Sandy Brown, Berlin, Germany
‘Panoramic views of the city’ was credited as the ‘tagline’ rather than the title of Gili Tal’s solo exhibition at Sandy Brown in Berlin. Instead of presenting a single overview, Tal’s show offered several micro observations on the schism between idealized perspectives of the metropolis and quotidian city life. Even approaching the gallery, the reverse side of Love and War (all works 2014) – a large printed curtain hanging in its storefront window – obstructed the view into the space. Inside, Tal’s works further illustrated tangible ways in which our contemporary surroundings are obscured, manipulated or projected back upon us.
Printed on the other side of Love and War was a photograph of an typical high street in Berlin, as seen through the window of a Spätkauf – a late-night convenience store familiar in the city. Various stickers and advertisements for products sharing the multinational company Unilever’s Heartbrand logo clutter the windowpane – items digitally added by Tal, which amalgamate into a sort of busy, aggrandized window display. It was easy to overlook the artist’s digital handiwork here, but the show was perhaps less about being technically deceived and more about how caught up we are in commercials – so much so that we often fail to recognize their prevalence even when surrounded by them. At the same time, the subtle insertion of the recurrent heart design hints at an aggressive demand for what can only ever be an unrequited love for commodities. What might happen if we give in to this desire? Would capital start to love us back?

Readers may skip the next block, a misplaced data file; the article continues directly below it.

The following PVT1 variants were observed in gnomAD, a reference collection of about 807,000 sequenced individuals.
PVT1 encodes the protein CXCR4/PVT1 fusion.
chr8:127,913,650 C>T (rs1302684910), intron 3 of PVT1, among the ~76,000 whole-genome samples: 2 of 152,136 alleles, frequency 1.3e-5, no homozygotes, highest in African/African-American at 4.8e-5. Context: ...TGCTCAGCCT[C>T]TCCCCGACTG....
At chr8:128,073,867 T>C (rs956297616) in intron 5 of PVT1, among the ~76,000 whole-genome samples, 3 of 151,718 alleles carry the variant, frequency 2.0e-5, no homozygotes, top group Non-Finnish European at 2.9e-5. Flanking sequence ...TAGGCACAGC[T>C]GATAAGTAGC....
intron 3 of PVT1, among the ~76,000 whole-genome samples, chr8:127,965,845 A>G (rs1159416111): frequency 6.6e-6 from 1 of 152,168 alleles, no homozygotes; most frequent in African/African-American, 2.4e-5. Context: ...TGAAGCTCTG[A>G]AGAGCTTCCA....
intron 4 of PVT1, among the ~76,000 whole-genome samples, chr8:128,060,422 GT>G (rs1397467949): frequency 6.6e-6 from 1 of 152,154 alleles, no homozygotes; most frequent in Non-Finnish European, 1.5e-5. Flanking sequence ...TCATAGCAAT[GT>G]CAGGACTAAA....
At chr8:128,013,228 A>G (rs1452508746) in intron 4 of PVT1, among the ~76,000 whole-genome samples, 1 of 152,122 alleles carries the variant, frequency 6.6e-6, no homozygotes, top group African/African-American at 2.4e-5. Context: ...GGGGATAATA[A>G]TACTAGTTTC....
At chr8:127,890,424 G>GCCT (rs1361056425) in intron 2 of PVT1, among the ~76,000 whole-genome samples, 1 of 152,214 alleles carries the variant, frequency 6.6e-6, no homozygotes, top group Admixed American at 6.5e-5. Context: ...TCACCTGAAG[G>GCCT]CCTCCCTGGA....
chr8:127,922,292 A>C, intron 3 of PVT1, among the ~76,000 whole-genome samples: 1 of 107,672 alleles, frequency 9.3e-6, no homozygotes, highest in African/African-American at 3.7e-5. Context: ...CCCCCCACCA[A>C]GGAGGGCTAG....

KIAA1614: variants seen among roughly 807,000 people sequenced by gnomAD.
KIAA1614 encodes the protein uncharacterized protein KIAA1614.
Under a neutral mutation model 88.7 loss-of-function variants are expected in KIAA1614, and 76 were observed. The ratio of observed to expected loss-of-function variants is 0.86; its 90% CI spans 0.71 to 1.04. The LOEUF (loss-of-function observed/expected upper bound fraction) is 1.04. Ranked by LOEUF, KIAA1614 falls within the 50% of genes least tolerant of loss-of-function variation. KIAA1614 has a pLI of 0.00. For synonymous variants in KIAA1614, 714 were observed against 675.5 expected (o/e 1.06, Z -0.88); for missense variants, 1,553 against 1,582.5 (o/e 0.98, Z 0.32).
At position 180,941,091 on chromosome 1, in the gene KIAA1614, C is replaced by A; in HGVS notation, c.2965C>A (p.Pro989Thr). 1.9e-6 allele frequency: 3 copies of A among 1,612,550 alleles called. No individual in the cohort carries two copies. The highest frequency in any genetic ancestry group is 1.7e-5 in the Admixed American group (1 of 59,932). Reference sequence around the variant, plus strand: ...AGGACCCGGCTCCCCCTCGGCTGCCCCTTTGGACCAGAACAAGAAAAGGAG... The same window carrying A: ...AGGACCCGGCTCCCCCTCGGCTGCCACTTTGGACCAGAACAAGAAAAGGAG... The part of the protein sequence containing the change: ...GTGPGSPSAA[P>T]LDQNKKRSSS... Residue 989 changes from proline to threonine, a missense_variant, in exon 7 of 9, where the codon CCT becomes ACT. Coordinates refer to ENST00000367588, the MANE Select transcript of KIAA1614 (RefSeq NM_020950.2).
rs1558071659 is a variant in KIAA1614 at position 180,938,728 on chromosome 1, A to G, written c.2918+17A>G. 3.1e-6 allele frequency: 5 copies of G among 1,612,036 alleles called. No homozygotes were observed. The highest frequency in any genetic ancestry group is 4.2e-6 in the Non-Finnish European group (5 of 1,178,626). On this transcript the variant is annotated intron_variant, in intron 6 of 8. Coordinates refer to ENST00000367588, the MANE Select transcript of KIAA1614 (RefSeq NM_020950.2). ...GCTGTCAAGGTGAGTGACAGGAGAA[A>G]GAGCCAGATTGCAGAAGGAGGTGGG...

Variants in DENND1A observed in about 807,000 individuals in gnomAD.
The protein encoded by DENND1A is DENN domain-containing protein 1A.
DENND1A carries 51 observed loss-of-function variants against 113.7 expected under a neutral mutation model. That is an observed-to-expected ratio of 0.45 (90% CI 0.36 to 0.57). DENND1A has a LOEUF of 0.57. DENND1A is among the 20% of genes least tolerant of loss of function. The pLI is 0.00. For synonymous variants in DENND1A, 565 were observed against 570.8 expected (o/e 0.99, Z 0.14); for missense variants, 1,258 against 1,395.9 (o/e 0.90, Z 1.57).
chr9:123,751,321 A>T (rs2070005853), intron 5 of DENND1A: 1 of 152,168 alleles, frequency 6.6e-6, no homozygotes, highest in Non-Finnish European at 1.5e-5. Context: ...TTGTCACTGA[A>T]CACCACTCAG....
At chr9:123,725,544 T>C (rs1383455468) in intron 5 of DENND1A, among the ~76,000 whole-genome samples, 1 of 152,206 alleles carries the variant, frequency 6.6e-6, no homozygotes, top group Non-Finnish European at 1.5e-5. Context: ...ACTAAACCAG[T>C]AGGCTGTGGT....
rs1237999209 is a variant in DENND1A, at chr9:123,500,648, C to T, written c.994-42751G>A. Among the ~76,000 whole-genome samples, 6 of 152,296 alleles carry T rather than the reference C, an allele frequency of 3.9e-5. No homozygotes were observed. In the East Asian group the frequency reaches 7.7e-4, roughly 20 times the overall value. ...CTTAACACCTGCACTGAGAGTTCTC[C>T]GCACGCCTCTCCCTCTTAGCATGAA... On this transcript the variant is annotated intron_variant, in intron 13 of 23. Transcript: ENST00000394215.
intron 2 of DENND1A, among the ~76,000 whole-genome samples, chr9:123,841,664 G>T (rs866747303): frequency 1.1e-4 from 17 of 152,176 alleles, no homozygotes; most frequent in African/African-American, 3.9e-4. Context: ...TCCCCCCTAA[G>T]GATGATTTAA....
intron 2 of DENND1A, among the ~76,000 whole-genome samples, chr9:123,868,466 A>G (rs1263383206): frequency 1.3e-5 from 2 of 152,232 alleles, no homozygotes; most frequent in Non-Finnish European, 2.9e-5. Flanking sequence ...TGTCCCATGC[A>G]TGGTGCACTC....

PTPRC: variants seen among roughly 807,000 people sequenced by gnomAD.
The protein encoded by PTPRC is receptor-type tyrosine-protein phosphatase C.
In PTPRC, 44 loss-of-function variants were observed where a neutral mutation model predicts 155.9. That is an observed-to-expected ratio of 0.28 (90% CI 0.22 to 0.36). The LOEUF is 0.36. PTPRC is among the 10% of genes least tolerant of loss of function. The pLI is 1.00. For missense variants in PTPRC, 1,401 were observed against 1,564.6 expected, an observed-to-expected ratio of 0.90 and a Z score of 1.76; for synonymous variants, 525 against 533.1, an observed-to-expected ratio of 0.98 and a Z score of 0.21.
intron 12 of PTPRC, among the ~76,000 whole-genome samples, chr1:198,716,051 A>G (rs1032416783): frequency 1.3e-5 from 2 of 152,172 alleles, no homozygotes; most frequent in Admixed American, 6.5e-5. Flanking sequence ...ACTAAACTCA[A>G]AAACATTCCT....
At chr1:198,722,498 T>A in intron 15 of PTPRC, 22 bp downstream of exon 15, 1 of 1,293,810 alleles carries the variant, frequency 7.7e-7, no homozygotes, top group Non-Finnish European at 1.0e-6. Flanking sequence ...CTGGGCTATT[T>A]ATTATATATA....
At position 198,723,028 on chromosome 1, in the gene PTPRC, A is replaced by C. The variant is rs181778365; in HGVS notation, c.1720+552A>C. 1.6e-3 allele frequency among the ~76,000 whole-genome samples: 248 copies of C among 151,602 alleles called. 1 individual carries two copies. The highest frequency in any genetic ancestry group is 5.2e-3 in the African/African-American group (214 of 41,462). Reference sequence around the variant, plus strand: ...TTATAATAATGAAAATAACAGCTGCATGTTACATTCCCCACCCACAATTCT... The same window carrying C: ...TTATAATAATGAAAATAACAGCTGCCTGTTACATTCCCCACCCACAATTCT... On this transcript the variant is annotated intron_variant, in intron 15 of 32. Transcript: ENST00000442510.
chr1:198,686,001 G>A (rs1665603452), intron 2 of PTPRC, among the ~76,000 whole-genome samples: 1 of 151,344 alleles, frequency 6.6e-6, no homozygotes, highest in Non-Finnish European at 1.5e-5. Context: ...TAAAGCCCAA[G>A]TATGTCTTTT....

Three paintings entitled Cityscape Pictures 1–3 each depict a slight variation on the same motif – elongated letters spelling ‘TOYKO’ obfuscating an image of the titular cityscape behind them. The word itself is almost illegible, yawning vertically across the narrow stretched canvases. The imagery is derived from a high-street fashion for skylines printed on T-shirts. Yet representations like these are often instrumentalized in other ways, dispersing the aspirational urban image from commercial products to readymade canvas prints that decorate luxury apartments. The distortion of words and images in Cityscape Pictures 1–3 provokes us to reconsider the ubiquitous cityscape image and, perhaps, our own position in relation to it. This restlessness, however, appeared somewhat pacified by the steady kinetics of three modified blenders stirring different shades of blue pigment together with yogurt, which slowly rotated at 60 revolutions per minute. Lined up on a low shelf, the installation But the World Keeps on Turning (Der Himmel Über Berlin Version) (The Sky over Berlin Version) serves as a kind of substitute for clocks showing different times around the world, while perhaps signifying a globe that, despite speed and modernity, just keeps turning.
Together, the works in this show recapitulated the subtle ways in which the cityscape becomes a symbolically desirable image, while our immediate surroundings are capitalized through assertive forms of lifestyle design and marketing. Tal’s reassessment of everyday complacency within consumer capitalism is philosophically derived. She recognizes a power – a patriarchy, even – in the city as aspirational representation, calling attention to the insidious and ubiquitous nature of capital that pervades our vision.
First published in Issue 168